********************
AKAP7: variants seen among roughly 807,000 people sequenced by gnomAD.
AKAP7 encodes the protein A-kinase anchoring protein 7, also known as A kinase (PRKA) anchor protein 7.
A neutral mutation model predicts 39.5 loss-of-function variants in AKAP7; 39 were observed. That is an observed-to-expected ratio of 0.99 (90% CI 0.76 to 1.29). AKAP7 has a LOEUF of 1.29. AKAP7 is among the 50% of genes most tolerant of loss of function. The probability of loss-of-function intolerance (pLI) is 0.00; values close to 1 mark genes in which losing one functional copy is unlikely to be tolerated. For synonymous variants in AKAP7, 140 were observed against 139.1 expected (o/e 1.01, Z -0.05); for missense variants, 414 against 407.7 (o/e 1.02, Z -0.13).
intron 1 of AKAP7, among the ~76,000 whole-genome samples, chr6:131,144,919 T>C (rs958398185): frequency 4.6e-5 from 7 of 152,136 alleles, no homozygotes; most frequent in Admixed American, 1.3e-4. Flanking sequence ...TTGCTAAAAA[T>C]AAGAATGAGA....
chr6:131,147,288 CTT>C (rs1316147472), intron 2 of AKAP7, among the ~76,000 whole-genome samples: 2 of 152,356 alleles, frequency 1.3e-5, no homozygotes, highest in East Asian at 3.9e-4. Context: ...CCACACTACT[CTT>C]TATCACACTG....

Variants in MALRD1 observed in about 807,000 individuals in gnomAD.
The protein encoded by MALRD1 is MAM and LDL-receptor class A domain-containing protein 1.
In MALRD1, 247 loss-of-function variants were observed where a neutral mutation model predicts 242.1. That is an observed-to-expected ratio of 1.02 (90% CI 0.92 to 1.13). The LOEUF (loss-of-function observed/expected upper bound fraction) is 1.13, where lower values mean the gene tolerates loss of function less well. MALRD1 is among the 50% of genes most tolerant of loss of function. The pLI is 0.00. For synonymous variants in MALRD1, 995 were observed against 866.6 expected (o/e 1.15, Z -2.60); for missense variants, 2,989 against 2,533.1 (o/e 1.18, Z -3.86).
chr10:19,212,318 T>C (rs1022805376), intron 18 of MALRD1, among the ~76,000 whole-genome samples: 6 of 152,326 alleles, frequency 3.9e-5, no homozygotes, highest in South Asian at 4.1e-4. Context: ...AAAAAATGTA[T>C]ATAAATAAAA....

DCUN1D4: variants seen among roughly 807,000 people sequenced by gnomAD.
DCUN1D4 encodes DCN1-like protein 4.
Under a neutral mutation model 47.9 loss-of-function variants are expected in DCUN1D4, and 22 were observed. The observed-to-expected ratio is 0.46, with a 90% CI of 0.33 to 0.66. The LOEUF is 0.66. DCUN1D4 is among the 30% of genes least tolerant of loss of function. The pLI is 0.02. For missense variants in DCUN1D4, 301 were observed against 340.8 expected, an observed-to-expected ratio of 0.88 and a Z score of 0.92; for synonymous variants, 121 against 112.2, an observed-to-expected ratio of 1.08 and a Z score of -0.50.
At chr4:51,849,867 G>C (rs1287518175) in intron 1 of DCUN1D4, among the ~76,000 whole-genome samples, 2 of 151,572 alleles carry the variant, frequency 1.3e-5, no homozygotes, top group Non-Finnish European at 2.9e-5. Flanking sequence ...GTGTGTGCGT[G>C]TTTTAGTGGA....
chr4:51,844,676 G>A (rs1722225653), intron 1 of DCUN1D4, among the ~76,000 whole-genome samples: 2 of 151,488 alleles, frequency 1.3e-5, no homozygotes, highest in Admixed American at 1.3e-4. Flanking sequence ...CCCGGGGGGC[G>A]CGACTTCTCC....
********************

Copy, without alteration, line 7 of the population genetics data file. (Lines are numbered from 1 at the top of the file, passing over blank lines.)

The protein encoded by MALRD1 is MAM and LDL-receptor class A domain-containing protein 1.